Before the monster hit Nakku Mukka hit airwaves, before she achieved the holy grail of film playback in 2004, folk singer Chinna Ponnu and her husband would travel for concerts in rural Tamil Nadu by bicycle, bullock cart, bus and on foot. On standing-room-only overnight buses, they would sling a towel over the rod running along the roof, tie the ends around their wrists, and try to get some rest before the next town—the next concert.
It’s been a long journey from there to Coke Studio @MTV, in which Chinna Ponnu jammed with Sufi-folk and Bollywood singer Kailash Kher last month. Vethalai (betel leaf in Tamil), the song that thrust Chinna Ponnu into the limelight, narrated the story of an overprotective husband who forbids his wife from crossing the doorstep or chewing betel leaves that could stain her lips an attractive red.
The vivacious Chinna Ponnu belting out notes to the beats of her husband’s thavil—a barrel-shaped south Indian drum—hardly resembled that demure wife. On the fuzzy-red MTV set, between a guitarist sporting sunglasses and Kher in his blue jeans, Chinna Ponnu comfortably owned her space, her chunky gold jewellery, zari-worked sari and dazzling smile catching the lights, her arms naturally tracing a curious semblance of a hip hop move. There was no trace of nervousness. That may have been because the 38-year-old singer, who has spent most of her career on the rural folk and temple music circuit, had no idea about Coke Studio or Kher.
Loud and clear: Chinna Ponnu in her element. RS Kumar/Mint
The singer, whose name translates to “little girl” in Tamil, has a hearty laugh that offers a peek into her power vocals. Chinna Ponnu has sung 50 songs in films, mostly Tamil, and has been singing on stage since she was 10. She met her percussionist husband Selva Kumar on the folk music circuit when she was 14, and he 16. Their names tattooed in Tamil on each other’s forearms, her husband sometimes clutching her handbag on their studio visits, the couple made common cause to promote Chinna Ponnu’s career. She finally got her big break when she sang a wedding ballad in the 2004 Rajinikanth-starrer Chandramukhi, a film that went on to become a superhit. “I never dreamed of catching a glimpse of even Rajini sir’s toenails,” Chinna Ponnu laughs, pointing to a photo line-up with the south Indian superstar at her rented flat in Saligramam in south Chennai. It’s not far from the recording studios of Kodambakkam, where Chennai’s film fraternity lives and which lends the K to Kollywood.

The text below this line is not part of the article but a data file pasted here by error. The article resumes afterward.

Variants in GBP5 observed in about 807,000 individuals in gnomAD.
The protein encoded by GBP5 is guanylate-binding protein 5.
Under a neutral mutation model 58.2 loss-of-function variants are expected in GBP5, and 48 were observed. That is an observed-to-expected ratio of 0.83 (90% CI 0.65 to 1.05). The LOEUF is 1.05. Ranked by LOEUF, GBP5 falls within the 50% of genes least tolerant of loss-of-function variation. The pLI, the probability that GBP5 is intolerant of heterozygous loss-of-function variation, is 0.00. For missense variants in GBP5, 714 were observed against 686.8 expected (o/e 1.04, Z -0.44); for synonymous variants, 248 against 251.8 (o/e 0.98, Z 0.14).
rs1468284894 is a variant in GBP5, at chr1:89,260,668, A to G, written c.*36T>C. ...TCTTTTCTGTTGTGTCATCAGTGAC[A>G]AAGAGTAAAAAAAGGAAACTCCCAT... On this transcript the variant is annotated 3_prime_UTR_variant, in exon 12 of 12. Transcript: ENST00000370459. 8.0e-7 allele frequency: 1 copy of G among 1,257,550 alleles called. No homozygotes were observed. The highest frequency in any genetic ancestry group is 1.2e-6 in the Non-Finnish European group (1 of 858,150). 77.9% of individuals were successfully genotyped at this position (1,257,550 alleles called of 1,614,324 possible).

But the song that transported her voice beyond the borders of Tamil Nadu is the street-dance Nakku Mukka, which topped the music charts in 2008. That song set off a chain of events which landed her in Coke Studio. It got her a gig with Chennai-based composer Sanjeev Thomas—a Web-only track, Indian Jadoo, which Coke Studio’s music director Leslie Lewis later heard.
Both Kher, with whom Lewis paired Chinna Ponnu, and Lewis himself commented on the Tamil singer’s instinctive rather than cerebral approach to her craft. Lewis also observed that Chinna Ponnu refused to be overwhelmed by the magnitude of the stage, the language barrier, and Kher’s fame.
Both Kumar and Chinna Ponnu remain fatalistic about the fervour generated by their Coke Studio gig. They are aware that the euphoria can spin into a crazy work schedule that could hurt them—as it did in 2008 when their car was hit by a bus one night when they were on their way from Chennai to Thanjavur—and keep them away for days and weeks from their 14-year-old son and 17-year-old daughter. The children have been under the care of Kumar’s relatives in Thanjavur, 300km south-west of Chennai, since they were little. The couple is based in Chennai, where Chinna Ponnu has studio recordings. She travels to four or five concert engagements a month all over Tamil Nadu, each of which could take her away from Chennai for up to three days. But she tries her best to squeeze in a day trip to Thanjavur every week to see her children, she says.
“It is tough to stay away from them at this age when they need guidance,” Kumar says as they prepare to rush back from Chennai to his hometown for another folk performance. “Films and fusion shows may happen but we’ve travelled across continents as temple folk artistes. That will continue to be our bread and butter.”